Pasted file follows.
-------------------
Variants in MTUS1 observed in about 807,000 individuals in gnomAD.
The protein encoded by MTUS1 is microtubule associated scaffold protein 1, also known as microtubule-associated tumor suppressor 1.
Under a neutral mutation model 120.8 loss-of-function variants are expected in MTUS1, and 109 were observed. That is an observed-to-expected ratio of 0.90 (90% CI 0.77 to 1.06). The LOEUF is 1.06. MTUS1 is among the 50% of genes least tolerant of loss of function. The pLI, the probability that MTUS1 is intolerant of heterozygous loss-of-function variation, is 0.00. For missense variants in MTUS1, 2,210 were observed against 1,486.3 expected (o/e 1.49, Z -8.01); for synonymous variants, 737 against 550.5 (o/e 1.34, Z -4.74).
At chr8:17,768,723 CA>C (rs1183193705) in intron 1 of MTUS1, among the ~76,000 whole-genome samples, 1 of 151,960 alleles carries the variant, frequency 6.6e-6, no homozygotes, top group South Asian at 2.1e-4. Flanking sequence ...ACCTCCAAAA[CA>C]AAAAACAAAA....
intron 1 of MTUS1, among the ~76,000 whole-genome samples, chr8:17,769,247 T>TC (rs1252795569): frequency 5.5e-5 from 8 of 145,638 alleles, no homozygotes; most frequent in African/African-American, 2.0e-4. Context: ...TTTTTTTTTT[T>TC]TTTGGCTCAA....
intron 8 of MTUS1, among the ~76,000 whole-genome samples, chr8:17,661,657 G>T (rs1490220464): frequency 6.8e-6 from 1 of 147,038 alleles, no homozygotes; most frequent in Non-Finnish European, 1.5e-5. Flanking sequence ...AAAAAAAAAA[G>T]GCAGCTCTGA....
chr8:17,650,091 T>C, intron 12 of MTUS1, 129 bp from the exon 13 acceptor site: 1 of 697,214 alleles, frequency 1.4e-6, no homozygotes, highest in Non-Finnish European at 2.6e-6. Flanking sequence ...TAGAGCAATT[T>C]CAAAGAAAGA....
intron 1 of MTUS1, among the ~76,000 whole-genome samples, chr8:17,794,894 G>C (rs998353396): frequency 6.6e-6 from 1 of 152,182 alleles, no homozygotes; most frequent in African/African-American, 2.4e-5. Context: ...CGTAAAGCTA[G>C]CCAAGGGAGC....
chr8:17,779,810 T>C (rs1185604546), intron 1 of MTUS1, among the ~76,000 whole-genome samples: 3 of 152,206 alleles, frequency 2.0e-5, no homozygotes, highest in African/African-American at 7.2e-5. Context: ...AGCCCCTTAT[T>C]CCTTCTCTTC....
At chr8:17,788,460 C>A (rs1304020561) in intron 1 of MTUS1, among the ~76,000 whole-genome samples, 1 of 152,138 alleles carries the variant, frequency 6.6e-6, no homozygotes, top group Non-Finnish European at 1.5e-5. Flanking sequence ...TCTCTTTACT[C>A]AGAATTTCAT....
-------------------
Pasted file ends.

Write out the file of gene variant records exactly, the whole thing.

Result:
Variants in MTUS1 observed in about 807,000 individuals in gnomAD.
The protein encoded by MTUS1 is microtubule associated scaffold protein 1, also known as microtubule-associated tumor suppressor 1.
Under a neutral mutation model 120.8 loss-of-function variants are expected in MTUS1, and 109 were observed. That is an observed-to-expected ratio of 0.90 (90% CI 0.77 to 1.06). The LOEUF is 1.06. MTUS1 is among the 50% of genes least tolerant of loss of function. The pLI, the probability that MTUS1 is intolerant of heterozygous loss-of-function variation, is 0.00. For missense variants in MTUS1, 2,210 were observed against 1,486.3 expected (o/e 1.49, Z -8.01); for synonymous variants, 737 against 550.5 (o/e 1.34, Z -4.74).
At chr8:17,768,723 CA>C (rs1183193705) in intron 1 of MTUS1, among the ~76,000 whole-genome samples, 1 of 151,960 alleles carries the variant, frequency 6.6e-6, no homozygotes, top group South Asian at 2.1e-4. Flanking sequence ...ACCTCCAAAA[CA>C]AAAAACAAAA....
intron 1 of MTUS1, among the ~76,000 whole-genome samples, chr8:17,769,247 T>TC (rs1252795569): frequency 5.5e-5 from 8 of 145,638 alleles, no homozygotes; most frequent in African/African-American, 2.0e-4. Context: ...TTTTTTTTTT[T>TC]TTTGGCTCAA....
intron 8 of MTUS1, among the ~76,000 whole-genome samples, chr8:17,661,657 G>T (rs1490220464): frequency 6.8e-6 from 1 of 147,038 alleles, no homozygotes; most frequent in Non-Finnish European, 1.5e-5. Flanking sequence ...AAAAAAAAAA[G>T]GCAGCTCTGA....
chr8:17,650,091 T>C, intron 12 of MTUS1, 129 bp from the exon 13 acceptor site: 1 of 697,214 alleles, frequency 1.4e-6, no homozygotes, highest in Non-Finnish European at 2.6e-6. Flanking sequence ...TAGAGCAATT[T>C]CAAAGAAAGA....
intron 1 of MTUS1, among the ~76,000 whole-genome samples, chr8:17,794,894 G>C (rs998353396): frequency 6.6e-6 from 1 of 152,182 alleles, no homozygotes; most frequent in African/African-American, 2.4e-5. Context: ...CGTAAAGCTA[G>C]CCAAGGGAGC....
chr8:17,779,810 T>C (rs1185604546), intron 1 of MTUS1, among the ~76,000 whole-genome samples: 3 of 152,206 alleles, frequency 2.0e-5, no homozygotes, highest in African/African-American at 7.2e-5. Context: ...AGCCCCTTAT[T>C]CCTTCTCTTC....
At chr8:17,788,460 C>A (rs1304020561) in intron 1 of MTUS1, among the ~76,000 whole-genome samples, 1 of 152,138 alleles carries the variant, frequency 6.6e-6, no homozygotes, top group Non-Finnish European at 1.5e-5. Flanking sequence ...TCTCTTTACT[C>A]AGAATTTCAT....